My friend and fellow club member Murray Lizatovich restored a beautiful 1935 8/40 sedan about 10 years ago and always makes the comment about how everything fell into place with that car. Missing rare parts he required turned up and nothing impeded his restoration of a trophy winning car. Murray and I have often talked about this because the same thing happened with the roadster restoration. An example!!

I had a couple of chassis ( 3 in fact ) but none were really good, suffering from severe cracking, accident damage or just plain rust.

In 2002 I was working at the Wheatbelt District Police Office and spent a lot of my working days traveling to various Police Stations from the coastal towns of Jurien and Lancelin to as far inland as Southern Cross. Another Inspector and myself had overnighted in our swags at Bidgemia Station which is a pastoral lease north of Bencubbin ( West Aussies will know where all these places are, you East Coasters will have to look them up!! ). As we were returning I was relaxing in the passenger seat enjoying the ride and watching the gradual change from pastoral leases to farming lands. I caught a glimpse of an old wreck on a side road which I convinced my partner we needed to investigate. Unbelievably it was the remains of a 1934 Buick 40 sedan.

While stopped and examining the remains a local farmer pulled up and asked if we needed help ( must have looked a bit odd, a couple of cops closely examining an old car )
So I asked the question “ How long’s this been here? “

He didn’t answer straight away, took his hat off, scratched his head and said “ dunno, but just hang on.”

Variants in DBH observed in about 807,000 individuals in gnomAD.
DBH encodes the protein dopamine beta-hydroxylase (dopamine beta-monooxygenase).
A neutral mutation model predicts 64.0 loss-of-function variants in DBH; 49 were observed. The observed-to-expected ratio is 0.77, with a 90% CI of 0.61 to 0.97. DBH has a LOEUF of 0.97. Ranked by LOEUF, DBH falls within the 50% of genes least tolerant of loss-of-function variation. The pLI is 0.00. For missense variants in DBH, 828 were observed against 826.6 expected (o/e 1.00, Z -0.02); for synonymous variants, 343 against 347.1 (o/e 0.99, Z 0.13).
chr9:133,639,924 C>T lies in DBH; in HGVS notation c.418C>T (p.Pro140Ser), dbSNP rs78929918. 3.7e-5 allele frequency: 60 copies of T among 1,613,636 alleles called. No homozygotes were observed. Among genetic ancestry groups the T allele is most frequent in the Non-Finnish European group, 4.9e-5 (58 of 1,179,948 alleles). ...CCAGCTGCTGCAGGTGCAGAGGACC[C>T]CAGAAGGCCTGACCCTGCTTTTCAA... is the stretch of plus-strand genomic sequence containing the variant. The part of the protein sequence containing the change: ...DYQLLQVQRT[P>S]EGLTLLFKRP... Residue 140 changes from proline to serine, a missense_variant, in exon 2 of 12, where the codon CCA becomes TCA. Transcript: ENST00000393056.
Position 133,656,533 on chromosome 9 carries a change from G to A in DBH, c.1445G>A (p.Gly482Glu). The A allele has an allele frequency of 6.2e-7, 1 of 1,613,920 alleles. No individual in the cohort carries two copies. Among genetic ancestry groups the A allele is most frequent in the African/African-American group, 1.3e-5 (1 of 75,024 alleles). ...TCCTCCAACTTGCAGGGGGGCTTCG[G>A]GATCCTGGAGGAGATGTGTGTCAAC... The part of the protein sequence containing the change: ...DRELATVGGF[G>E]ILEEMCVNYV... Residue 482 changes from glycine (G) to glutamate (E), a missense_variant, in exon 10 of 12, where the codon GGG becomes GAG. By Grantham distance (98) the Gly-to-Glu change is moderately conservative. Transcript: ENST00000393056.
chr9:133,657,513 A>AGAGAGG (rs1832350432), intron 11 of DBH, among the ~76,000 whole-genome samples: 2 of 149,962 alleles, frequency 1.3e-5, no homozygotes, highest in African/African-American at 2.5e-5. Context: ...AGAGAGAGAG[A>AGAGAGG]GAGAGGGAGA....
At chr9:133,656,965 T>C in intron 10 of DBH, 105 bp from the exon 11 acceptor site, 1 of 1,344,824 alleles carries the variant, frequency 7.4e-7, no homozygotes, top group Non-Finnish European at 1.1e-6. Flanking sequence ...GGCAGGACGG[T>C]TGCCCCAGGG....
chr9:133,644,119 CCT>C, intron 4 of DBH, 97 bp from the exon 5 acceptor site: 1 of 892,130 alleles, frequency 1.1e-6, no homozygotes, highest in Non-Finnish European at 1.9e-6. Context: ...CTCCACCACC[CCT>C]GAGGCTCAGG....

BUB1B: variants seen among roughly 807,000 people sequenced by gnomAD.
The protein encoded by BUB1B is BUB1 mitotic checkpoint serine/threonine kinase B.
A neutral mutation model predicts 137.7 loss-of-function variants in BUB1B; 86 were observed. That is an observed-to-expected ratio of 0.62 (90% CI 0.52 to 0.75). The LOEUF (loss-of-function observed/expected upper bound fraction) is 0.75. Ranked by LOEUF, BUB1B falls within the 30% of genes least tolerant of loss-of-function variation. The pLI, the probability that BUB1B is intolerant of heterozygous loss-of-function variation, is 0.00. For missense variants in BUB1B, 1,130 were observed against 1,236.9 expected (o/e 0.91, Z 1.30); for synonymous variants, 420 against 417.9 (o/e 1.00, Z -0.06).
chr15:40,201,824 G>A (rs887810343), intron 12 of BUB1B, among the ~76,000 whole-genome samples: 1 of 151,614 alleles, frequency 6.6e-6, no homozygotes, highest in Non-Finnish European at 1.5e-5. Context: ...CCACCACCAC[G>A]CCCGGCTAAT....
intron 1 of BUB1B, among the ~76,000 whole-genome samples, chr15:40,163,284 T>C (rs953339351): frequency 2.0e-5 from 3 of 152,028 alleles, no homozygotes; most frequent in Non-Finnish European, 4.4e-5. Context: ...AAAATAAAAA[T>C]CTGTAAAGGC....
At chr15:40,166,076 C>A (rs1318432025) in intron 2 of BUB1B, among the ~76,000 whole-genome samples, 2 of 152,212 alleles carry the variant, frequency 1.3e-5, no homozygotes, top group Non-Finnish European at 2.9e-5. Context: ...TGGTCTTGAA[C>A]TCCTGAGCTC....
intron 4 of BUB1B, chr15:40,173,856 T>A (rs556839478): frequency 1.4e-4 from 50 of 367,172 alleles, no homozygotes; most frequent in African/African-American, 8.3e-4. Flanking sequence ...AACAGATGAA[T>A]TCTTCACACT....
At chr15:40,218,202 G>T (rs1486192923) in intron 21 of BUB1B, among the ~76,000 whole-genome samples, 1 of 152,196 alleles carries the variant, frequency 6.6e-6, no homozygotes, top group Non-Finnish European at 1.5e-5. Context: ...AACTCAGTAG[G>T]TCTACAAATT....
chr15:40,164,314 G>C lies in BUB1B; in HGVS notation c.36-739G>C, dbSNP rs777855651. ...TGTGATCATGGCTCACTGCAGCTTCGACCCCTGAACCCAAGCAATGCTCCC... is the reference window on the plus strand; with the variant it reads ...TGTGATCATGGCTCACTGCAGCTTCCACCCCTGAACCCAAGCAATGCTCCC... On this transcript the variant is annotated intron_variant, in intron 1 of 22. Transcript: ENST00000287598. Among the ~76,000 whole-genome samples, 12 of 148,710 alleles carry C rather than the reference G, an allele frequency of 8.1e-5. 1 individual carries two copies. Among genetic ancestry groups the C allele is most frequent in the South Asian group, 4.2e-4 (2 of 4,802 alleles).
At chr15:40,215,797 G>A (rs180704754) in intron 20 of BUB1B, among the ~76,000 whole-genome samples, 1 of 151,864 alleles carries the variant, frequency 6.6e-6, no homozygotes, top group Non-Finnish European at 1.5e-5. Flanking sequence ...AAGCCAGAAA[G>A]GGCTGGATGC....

In an adjoining paddock there was a Header taking off a wheat crop, the farmer looked that way and picked up the handpiece of his two way and said “ Hey Mike, how long’s this car wreck been on the side of the road? “

I guess Mike was watching proceedings from the cab of John Deere Header because it didn’t take long for his reply “ Well, I’m 38, it’s been there as long as I can remember so at least 30 odd years. “

So it could well have been on the side of that remote road for 40, maybe more years. The chassis was in really good shape, the only rust being in the front cross member.

When I got back to the office I rang the CEO of the Wyalkatchem Shire to inquire about the remains. Within 10 minutes I had a letter of authority to recover the remains, with a request to do it ASAP as the Shire was cleaning up road verges, after all, it had only been an eyesore there for the past 40 years or so!!!!

So with paperwork in hand, a trailer and a mate, a day trip to Wyalkatchem and I’m the proud owner of another 1934 Buick.

August 2005, We really start!!

The Jetback was finished, the motor and gearbox for the 34 had been rebuilt and sitting on the shed floor and I had accumulated a lot of what I needed to start the restoration ( except money, never seemed to have enough of that ) so there were no excuses, into it!!!

I had cut the front off one of the old chassis and mounted the rear section onto a 4 wheel trolley. The body was removed ( delicately, it was in a very fragile state ) and bolted onto the trolley. The rolling chassis was brought into the workshop and front end removed, then the front cross-member ( the only really sound part of the original chassis ) was cut off .


The rest was rolled back out, the rear end removed and the remainder of the chassis delegated to the scrap heap.

I had the Wyalkatchem chassis sandblasted and removed the front cross-member with a plasma cutter before painting it with POR.